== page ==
Image over Integrity?

Youtube has been an internet staple for the past decade, with millions upon millions of users viewing and uploading content every day. The website has allowed for the creation of a steady income stream for some “you-tubers” via the use of brand sponsorship and advertising. However, the day of reckoning has come for those “up-and-coming” you-tubers, with the site placing new parameters on which channels are able to be monetised.

As of the 20th of February, You-tubers must accrue “at least 1,000 subscribers and 4,000 hours of watch time in the last 12 months” to gain the right to be monetised. This rule comes as far “harsher” criteria, compares to the 10,000 total channel views that were needed before.

The changes come weeks after the infamous Logan Paul incident, whereby a video depicting a man who had committed suicide was viewed by 36 million on his channel. Despite causing major distress to viewers and severely affecting the Youtube brand – it is estimated that Paul still made a hefty $90000 from video sponsoring and advertising. Thus youtube believes that by demontesing smaller channels it is able to better “protect the community” by “curb(ing) bad actors” and “stabiliz(ing) creator revenue”.

Furthermore,  Youtube also believes that it is able to protect the brand image of sponsors and advertisers – as some advertising may be chosen randomly across the various channels on the network. Thus by inhibiting smaller YouTubers that may produce un-monitored content that could be distressing or damaging, the company believes it is able to ensure advertisers keep favourable brand image intact.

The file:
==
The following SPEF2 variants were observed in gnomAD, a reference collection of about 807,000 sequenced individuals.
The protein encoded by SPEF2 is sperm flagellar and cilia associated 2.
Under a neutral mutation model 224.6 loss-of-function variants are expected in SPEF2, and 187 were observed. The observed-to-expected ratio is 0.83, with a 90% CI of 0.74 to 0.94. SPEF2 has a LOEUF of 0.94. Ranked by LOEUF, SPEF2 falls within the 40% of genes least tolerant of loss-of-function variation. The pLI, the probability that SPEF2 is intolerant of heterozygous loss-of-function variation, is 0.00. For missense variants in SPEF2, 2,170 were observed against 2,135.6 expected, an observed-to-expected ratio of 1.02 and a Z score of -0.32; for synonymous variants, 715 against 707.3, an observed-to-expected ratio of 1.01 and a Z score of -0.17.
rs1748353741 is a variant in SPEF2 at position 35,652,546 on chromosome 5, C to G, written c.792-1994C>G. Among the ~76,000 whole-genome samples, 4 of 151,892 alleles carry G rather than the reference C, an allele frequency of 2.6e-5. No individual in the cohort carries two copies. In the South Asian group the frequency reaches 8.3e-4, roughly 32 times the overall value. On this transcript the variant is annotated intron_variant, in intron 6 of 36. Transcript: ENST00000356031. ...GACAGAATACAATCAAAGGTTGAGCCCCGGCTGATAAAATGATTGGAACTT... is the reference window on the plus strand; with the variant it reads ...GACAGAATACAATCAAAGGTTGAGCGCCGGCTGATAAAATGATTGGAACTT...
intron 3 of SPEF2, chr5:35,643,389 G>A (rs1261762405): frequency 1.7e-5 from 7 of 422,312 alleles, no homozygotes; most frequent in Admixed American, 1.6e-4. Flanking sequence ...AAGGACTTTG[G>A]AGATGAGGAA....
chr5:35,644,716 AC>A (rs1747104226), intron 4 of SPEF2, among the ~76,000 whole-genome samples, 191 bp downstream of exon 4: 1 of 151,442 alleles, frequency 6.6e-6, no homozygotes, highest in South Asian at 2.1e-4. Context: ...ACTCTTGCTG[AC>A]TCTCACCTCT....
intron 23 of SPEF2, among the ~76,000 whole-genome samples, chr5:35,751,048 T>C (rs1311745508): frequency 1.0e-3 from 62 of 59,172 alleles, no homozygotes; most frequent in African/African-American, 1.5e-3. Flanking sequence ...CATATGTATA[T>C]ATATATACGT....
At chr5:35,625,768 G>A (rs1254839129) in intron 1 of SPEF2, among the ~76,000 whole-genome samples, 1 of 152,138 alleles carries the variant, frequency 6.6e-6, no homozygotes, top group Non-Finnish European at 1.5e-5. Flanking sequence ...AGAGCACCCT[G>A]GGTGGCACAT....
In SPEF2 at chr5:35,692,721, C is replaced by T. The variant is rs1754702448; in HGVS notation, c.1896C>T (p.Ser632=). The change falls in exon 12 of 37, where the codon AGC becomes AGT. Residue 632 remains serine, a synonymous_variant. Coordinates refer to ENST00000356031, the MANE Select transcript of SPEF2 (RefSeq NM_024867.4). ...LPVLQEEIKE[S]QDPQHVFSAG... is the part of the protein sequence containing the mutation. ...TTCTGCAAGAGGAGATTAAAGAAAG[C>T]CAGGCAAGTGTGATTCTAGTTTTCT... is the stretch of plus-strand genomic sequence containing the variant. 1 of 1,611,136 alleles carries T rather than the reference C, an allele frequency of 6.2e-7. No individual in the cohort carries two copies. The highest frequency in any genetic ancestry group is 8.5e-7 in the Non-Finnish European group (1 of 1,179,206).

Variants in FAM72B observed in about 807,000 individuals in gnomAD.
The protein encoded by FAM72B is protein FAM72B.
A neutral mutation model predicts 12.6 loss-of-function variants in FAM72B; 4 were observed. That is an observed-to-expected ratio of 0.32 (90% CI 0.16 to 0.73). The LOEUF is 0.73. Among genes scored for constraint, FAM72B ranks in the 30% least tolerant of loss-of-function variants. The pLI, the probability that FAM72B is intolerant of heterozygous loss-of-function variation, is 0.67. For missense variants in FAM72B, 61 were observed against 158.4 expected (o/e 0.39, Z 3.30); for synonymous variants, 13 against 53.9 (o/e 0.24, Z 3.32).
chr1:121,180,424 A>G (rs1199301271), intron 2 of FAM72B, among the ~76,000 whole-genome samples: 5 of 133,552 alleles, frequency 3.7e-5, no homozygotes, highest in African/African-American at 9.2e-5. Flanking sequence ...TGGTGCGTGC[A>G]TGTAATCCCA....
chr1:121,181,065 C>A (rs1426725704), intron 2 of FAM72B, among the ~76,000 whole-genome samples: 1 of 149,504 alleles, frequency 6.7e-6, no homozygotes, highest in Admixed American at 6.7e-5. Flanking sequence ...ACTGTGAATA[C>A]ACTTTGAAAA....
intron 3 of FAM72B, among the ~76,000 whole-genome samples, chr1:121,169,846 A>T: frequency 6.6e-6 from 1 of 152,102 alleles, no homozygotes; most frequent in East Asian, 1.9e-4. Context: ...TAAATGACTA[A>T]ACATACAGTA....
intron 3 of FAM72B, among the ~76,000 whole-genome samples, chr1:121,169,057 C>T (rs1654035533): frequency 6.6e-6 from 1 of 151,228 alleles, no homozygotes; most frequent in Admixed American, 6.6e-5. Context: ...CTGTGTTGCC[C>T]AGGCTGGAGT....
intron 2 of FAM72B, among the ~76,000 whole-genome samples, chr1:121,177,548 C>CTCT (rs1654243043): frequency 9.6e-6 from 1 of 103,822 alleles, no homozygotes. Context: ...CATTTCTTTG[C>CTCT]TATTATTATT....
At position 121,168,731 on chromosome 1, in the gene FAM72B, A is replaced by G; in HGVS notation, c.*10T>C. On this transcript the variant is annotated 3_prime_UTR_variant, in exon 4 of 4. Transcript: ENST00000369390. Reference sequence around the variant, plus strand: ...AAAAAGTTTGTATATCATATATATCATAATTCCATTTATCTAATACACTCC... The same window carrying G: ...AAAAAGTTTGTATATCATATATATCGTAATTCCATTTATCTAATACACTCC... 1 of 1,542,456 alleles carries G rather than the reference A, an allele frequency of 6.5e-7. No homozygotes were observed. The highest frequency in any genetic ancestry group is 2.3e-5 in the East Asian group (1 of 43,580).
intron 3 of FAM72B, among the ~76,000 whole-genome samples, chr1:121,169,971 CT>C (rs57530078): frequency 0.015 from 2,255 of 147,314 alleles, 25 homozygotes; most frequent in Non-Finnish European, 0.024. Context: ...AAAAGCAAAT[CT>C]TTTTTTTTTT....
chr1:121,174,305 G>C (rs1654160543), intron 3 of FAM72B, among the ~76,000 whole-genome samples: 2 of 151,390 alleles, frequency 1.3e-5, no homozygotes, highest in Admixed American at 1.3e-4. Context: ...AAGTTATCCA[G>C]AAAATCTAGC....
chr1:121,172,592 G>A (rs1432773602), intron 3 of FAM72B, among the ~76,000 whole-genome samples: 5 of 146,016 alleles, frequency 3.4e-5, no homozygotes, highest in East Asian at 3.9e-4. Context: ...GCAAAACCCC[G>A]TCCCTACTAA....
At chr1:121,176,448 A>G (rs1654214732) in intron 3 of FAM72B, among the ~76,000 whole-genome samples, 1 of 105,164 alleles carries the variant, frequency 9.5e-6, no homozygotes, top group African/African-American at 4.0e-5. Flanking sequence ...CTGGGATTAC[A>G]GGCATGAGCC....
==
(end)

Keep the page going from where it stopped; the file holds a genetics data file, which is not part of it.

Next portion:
Many lesser-known YouTubers are struggling to come to terms with the new rules put into place. Christine Barger, a YouTuber who creates “niche videos about escape rooms”, posted a blog last month in which she was visibly upset by the new rulings. “ It’s not about the money. It’s about the fact that I’ve been a part of YouTube for a really long time” she quotes. Many people also share her feelings of isolation, with the hashtag  #DemonetizationDay being campaigned on twitter.

It leads one to question how an individual creates a full-time career out of youtube. If there is an obligation to accumulate at least 1000 subscribers to a channel, it may take months or years to be able to receive an income – making it impossible to create a sustainable living off just youtube alone. If there is a need to create a secondary source of income, it may leave creators at risk of being unable to creating meaningful and valuable content as there is not enough time to commit to it.

Thus I leave you to question whether it is just for youtube to enforce these new rules? Does the possibility of tarnishing a brand image take precedence over what could possibly be some fantastic content?

– Ellen Balsom


2 thoughts on “Image over Integrity?

  1. I can definitely see where Youtube and the brands paying for advertising are coming from but, as you mentioned, its unfair to generalise when some of the larger players are also the ones producing content that would negatively effect advertisers.

    At the end of the day however, the larger channels will always get precedence due to their popularity and following (as is the case with bigger brands in any other industry) and smaller creators may be forced out as a result.

    Liked by 1 person

    • Totally agree with you Jake, can definitely see why advertiseers would go for the channels with the larger reach. I just hope up and coming people arent to badly effected by these changes, and continue pursuing their youtuber dreams!


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